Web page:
Community empowerment. Mentorship. Friendship. Educational equity. Laughter.
These are the core tenants that the UCLA community service group, Kids Korner, prides itself on.
Every Sunday, rain or shine, 16 UCLA volunteers, armed with worksheets, supplies for activities, and a pair of keys to two large white vans, travel from Westwood to a government-subsidized housing community in North Hollywood. There, children, young adults, and the UCLA students meet to work on individually-catered academic worksheets, homework, and other various forms of test prep.
With a rising number of understaffed and overpopulated public schools in the area, Kids Korner aims to reduce educational inequity by providing free weekly tutoring and mentorship. For some children, this can be the only one-on-one attention they receive outside of the public school system.
Recently celebrating their 10th year of service, Kids Korner strives to continuously improve its service program by adapting the curriculum and integrating contemporary topics and social issues.
“This year we have begun to have a deeper understanding of the needs of our service recipients and the community, therefore more efficiently serving our target population,” said Shabrin Murshed, Co-Administrative Director of Kids Korner.
In an effort to improve their understanding of the community, Kids Korner offers open office hours for interacting with the children’s parents and frequently collaborates with various UCLA campus entities to bring to light various issues such as bullying, discrimination, and electoral politics. This year’s collaborations with Vietnamese for Community Health; Medical, Educational Missions and Outreach at UCLA; and the Drug Outreach and Education Program incorporated lessons in financial literacy, health, medicine, and cultural awareness. These collaborations diversified the curriculum and enhanced Kids Korner’s education model, encouraging higher-level critical thinking not often discussed in elementary and middle school classrooms
To Kids Korner, education does not stop at the classroom doors; it should extend into the kids’ everyday lives.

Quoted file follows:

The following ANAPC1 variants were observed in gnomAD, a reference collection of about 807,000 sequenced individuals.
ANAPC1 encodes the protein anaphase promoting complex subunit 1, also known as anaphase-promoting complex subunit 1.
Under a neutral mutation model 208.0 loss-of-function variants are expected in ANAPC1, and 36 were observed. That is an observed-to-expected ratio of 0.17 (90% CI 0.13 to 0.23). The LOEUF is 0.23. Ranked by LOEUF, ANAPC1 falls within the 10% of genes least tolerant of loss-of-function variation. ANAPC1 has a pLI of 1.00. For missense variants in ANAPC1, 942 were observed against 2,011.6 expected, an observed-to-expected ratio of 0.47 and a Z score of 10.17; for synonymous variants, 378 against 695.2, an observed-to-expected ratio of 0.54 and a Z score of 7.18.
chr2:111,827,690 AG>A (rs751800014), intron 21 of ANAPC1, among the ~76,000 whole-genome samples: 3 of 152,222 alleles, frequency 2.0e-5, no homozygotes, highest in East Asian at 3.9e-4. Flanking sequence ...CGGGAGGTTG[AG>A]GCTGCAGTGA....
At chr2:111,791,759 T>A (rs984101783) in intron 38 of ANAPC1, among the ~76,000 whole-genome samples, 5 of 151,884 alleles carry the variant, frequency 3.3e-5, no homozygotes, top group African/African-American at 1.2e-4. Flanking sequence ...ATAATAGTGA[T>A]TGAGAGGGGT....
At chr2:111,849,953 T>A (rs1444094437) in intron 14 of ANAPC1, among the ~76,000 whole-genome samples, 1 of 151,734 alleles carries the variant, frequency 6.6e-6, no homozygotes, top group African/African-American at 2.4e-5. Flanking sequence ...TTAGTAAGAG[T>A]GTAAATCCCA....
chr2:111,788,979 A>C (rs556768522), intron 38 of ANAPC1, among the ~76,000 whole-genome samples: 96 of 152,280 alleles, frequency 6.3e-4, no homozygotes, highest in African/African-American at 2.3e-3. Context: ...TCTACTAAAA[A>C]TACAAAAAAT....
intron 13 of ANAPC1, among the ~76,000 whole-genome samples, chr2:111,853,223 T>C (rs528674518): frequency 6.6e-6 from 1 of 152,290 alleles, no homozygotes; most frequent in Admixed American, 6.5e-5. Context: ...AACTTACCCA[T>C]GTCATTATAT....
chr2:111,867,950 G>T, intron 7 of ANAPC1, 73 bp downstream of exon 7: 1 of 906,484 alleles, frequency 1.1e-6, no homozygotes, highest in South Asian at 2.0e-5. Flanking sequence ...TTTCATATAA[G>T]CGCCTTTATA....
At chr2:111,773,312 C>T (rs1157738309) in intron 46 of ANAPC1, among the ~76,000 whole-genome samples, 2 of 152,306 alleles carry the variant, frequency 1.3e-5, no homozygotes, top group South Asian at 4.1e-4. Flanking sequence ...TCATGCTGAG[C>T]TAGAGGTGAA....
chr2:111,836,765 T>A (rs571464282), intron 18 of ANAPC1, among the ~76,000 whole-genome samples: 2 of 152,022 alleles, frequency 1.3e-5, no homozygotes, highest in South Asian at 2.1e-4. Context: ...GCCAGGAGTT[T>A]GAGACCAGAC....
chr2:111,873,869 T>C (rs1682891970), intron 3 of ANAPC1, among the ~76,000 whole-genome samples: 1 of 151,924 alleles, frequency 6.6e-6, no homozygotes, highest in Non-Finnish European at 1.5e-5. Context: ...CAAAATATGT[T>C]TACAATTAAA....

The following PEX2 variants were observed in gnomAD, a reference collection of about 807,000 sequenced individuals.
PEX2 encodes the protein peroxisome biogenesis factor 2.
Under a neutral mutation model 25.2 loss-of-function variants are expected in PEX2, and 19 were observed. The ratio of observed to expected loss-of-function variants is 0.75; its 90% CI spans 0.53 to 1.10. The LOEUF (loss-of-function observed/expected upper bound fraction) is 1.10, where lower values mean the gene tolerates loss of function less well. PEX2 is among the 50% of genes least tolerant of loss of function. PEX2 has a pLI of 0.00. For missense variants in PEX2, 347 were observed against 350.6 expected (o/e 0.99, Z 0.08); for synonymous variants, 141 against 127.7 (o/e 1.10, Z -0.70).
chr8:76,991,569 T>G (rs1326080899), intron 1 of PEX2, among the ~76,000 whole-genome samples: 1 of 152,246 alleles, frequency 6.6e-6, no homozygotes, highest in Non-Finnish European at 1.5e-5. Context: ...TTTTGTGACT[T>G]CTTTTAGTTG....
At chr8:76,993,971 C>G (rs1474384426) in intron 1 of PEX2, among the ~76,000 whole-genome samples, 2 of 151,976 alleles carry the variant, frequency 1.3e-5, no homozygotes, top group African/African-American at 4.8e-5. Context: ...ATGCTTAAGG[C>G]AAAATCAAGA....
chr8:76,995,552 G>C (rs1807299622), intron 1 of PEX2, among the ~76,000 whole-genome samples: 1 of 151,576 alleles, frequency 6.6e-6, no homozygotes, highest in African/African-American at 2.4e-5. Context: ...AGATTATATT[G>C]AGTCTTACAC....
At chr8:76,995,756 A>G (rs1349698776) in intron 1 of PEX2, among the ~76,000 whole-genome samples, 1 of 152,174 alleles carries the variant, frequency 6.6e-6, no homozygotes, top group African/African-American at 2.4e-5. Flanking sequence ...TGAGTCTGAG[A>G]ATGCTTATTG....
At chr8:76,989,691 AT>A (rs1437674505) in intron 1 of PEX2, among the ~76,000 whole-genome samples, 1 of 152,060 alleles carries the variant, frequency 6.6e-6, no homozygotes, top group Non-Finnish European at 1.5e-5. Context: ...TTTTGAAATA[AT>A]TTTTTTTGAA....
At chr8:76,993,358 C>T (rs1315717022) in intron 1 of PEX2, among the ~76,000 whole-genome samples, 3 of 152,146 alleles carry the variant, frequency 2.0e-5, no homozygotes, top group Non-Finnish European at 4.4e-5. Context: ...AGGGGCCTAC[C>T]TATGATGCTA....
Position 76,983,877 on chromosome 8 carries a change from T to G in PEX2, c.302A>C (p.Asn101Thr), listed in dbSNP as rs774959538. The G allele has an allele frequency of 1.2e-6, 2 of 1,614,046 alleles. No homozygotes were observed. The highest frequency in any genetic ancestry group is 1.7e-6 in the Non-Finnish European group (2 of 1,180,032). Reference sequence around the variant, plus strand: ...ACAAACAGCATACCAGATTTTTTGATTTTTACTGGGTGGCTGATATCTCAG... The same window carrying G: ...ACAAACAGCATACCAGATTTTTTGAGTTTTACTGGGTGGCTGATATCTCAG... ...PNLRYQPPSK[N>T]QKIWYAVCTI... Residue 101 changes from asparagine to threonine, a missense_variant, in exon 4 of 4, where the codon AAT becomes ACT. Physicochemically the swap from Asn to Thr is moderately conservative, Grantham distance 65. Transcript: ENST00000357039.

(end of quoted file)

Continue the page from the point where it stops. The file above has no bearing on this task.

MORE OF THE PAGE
“This year we wanted to expand our curriculum to give our service recipients ways to apply what they learn in school to their everyday lives. We hope this allows our service recipients to better understand the world they are living in and become more socially-aware individuals,” said co-curriculum director Elisabeth Hartman.
Apart from educational resources, Kids Korner also strives to take their kids beyond the borders of the apartment complex and into the community. With field trips to places such as the California Science Center, the LA Zoo, the Natural History Museum, and Disneyland, the organization offers quarterly educational field trips, free of cost, to their service recipients in order to provide broader learning opportunities and foster stronger relationships between the children and the volunteers. By combining both education and hands-on learning, Kids Korner aims to expand education from the confines of the classroom to the outside world.
Commenting on her experience with Kids Korner, Murshed said, “Being involved in Kids Korner has truly opened my eyes to how much of an impact service has on individuals and the community.”
For the impact Kids Korner has made upon many Los Angeles residents, the UCLA Volunteer Center Fellows are proud to award Kids Korner with the Spring 2016 Mongelli Award for Excellence and Civic Engagement. For more information and updates from Kids Korner, follow the organization on Facebook, Instagram, and its website, or email firstname.lastname@example.org.